Myths and metaphors share not only an ability to call our attention to aspects of our world of which we were previously unaware, but also a propensity toward symbolic meanings and interpretations. In Existential Philosophy and the Promise of Education: Learning from Myths and Metaphors, Professor Gordon draws on some well-known myths and metaphors of various Existentialist thinkers and writers as a lens and an interpretative framework with which to explore a variety of issues in philosophy of education. His book argues that symbolic or metaphorical interpretations can offer us representations of problems in education that go beyond what we can gain when we consider them only in their literal sense. Existential Philosophy and the Promise of Education is an excellent classroom text for a variety of foundations courses, including the Philosophy of Education.
Lessons from the Successes and Drawbacks of Their Methods
Hani Morgan and Christopher Barry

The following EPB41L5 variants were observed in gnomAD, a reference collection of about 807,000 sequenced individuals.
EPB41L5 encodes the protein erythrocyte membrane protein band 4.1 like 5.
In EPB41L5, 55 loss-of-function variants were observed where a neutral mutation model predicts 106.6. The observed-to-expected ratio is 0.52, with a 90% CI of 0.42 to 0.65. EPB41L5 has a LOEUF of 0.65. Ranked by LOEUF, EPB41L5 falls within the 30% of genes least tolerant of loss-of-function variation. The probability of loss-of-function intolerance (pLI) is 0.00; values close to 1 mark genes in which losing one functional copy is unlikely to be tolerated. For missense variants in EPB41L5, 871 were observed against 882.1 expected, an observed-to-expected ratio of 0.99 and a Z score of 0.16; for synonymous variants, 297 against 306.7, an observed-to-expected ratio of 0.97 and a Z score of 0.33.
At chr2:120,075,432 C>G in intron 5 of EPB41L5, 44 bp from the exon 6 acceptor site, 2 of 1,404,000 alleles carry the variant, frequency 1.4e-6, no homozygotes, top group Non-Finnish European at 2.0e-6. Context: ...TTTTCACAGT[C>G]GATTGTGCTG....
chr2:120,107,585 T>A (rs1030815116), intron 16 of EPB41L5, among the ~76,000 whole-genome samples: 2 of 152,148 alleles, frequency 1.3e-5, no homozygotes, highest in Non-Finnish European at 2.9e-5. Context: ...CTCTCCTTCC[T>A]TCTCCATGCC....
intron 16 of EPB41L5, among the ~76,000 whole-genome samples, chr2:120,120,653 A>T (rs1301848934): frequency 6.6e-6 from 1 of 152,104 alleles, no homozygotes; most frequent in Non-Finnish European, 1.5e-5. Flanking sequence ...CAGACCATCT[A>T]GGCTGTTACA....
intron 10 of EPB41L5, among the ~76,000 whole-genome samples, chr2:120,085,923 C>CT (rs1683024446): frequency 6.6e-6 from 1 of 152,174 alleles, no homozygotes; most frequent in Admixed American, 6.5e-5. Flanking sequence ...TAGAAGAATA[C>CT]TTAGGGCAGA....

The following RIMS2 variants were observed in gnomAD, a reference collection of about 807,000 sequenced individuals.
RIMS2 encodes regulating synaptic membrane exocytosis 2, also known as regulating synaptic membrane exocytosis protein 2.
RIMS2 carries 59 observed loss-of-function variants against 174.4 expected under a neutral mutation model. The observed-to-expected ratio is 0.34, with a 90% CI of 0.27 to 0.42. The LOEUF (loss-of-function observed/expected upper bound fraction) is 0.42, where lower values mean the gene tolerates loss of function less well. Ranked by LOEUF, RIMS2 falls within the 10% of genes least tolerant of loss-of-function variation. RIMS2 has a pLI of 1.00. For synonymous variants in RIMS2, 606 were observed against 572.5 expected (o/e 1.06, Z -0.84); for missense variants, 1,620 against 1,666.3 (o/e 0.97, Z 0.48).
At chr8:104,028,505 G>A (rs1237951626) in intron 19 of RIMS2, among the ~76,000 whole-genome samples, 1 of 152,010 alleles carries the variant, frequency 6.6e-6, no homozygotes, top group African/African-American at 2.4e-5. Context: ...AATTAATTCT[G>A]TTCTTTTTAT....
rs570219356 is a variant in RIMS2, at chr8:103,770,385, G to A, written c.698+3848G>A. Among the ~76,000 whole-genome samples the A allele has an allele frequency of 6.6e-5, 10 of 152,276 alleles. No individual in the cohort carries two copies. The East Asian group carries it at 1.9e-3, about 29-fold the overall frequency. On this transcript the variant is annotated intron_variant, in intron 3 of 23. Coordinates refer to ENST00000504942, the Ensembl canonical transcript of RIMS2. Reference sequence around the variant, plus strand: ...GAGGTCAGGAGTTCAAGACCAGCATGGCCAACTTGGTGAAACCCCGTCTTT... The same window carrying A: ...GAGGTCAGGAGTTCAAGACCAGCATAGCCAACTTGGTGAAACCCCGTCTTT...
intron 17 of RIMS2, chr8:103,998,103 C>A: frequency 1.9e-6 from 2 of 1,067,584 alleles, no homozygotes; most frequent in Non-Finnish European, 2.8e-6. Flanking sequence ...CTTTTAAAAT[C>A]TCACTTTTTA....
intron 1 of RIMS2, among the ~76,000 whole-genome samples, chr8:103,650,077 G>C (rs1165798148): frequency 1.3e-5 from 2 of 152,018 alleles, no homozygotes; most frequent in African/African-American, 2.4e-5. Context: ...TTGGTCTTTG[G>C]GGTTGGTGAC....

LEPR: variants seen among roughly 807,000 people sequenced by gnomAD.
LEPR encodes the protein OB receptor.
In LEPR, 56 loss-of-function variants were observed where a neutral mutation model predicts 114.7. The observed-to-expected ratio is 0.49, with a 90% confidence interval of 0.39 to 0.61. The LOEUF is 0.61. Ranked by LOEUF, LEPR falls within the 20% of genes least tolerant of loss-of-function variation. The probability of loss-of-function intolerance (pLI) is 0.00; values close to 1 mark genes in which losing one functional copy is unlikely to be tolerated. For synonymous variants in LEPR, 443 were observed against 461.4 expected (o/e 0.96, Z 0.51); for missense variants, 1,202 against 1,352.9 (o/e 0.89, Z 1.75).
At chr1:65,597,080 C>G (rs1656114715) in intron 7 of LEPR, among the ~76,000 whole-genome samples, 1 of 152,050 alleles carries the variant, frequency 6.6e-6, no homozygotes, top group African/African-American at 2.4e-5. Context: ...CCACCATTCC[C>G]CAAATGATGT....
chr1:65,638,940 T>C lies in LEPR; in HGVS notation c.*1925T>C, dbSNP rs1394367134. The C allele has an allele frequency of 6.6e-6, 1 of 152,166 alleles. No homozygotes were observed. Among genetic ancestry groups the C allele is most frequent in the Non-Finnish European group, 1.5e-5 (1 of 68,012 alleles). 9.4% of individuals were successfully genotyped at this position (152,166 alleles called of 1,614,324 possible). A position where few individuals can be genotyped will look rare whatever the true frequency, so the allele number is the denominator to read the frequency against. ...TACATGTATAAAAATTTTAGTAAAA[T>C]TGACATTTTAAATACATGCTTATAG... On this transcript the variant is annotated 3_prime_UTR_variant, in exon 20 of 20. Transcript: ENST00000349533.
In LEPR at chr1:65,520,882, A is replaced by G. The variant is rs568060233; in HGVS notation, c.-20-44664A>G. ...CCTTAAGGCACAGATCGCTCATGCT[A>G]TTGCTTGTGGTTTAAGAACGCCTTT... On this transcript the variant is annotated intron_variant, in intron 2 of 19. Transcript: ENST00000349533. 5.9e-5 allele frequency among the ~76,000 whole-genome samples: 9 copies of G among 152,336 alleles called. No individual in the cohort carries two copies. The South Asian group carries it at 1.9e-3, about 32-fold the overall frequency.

The World Leaders in Education: Lessons from the Successes and Drawbacks of Their Methods explores the practices and policies that the highest-ranking nations in education implement to achieve their success. Topics include the education of disadvantaged students; cultural attitudes toward education; teacher preparation; and teacher salaries. Eight countries are examined: China, Japan, Singapore, Canada, New Zealand, South Korea, Finland, and the United States. The United States is discussed for several reasons, including its large number of strong performers on international tests and its notable history in education. The book looks at both the successes and the failings of these nations, and also mentions the possibilities and limitations of implementing the practices of world-class nations in education in areas where students tend to perform poorly on tests like the PISA. This book may be used for undergraduate and graduate courses such as comparative education.